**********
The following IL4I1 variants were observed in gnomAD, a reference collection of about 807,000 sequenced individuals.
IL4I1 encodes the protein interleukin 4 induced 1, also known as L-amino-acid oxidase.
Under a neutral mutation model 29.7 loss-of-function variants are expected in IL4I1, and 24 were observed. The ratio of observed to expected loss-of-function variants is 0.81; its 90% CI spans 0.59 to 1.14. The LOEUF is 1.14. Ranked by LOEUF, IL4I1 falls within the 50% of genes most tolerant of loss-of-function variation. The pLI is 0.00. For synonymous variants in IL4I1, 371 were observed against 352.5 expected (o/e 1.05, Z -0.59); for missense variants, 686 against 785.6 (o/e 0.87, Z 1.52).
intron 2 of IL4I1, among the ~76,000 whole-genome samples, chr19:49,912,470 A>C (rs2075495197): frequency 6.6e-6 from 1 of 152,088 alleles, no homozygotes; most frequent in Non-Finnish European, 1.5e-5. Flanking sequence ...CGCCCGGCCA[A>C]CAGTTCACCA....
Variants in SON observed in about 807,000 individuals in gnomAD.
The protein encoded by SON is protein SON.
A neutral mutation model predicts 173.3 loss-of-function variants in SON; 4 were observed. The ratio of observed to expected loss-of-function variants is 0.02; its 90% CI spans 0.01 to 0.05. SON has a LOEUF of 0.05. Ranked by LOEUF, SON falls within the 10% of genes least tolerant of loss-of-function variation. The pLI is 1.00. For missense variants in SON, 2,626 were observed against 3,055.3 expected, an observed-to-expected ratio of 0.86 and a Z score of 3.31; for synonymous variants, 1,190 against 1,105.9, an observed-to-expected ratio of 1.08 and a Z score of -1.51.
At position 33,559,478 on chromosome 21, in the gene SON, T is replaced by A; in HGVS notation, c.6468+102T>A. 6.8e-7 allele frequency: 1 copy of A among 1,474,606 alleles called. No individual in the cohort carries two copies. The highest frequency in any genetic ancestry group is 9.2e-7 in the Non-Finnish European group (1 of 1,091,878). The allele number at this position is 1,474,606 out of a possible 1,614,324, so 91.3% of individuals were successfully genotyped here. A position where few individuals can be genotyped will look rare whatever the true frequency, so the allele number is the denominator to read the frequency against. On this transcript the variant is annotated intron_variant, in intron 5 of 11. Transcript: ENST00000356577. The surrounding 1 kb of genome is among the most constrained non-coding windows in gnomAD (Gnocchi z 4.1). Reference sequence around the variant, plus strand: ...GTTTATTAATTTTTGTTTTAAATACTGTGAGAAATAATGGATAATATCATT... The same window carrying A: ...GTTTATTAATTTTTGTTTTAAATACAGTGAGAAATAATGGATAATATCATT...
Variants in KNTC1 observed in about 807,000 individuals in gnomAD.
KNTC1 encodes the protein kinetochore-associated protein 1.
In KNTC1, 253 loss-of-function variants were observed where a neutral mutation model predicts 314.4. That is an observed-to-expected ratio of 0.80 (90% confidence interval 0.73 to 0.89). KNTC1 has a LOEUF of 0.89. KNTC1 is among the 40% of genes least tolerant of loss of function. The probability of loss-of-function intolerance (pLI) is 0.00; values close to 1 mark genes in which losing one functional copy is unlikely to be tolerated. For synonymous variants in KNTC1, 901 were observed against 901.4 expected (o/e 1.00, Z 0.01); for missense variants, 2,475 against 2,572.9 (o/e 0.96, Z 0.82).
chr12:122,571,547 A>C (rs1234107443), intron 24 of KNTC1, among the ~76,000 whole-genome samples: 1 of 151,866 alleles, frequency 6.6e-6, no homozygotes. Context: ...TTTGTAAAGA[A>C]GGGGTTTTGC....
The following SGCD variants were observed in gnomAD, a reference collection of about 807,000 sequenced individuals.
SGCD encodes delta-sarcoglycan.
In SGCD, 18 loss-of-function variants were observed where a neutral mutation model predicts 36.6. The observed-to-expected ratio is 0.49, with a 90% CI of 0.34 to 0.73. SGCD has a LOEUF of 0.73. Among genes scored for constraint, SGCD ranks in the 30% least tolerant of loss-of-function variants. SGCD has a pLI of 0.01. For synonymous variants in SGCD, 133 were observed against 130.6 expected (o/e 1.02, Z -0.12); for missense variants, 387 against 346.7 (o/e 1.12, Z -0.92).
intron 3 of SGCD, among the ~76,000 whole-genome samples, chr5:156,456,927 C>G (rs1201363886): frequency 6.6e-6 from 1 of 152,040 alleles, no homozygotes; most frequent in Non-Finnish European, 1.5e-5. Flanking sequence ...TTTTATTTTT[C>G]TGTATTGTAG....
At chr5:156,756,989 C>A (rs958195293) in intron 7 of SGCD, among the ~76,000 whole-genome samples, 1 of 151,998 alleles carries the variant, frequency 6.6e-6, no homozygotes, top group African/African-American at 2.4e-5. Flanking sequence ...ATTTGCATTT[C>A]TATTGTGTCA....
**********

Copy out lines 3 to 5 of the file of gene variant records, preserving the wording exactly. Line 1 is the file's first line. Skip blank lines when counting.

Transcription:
Under a neutral mutation model 29.7 loss-of-function variants are expected in IL4I1, and 24 were observed. The ratio of observed to expected loss-of-function variants is 0.81; its 90% CI spans 0.59 to 1.14. The LOEUF is 1.14. Ranked by LOEUF, IL4I1 falls within the 50% of genes most tolerant of loss-of-function variation. The pLI is 0.00. For synonymous variants in IL4I1, 371 were observed against 352.5 expected (o/e 1.05, Z -0.59); for missense variants, 686 against 785.6 (o/e 0.87, Z 1.52).
intron 2 of IL4I1, among the ~76,000 whole-genome samples, chr19:49,912,470 A>C (rs2075495197): frequency 6.6e-6 from 1 of 152,088 alleles, no homozygotes; most frequent in Non-Finnish European, 1.5e-5. Flanking sequence ...CGCCCGGCCA[A>C]CAGTTCACCA....
Variants in SON observed in about 807,000 individuals in gnomAD.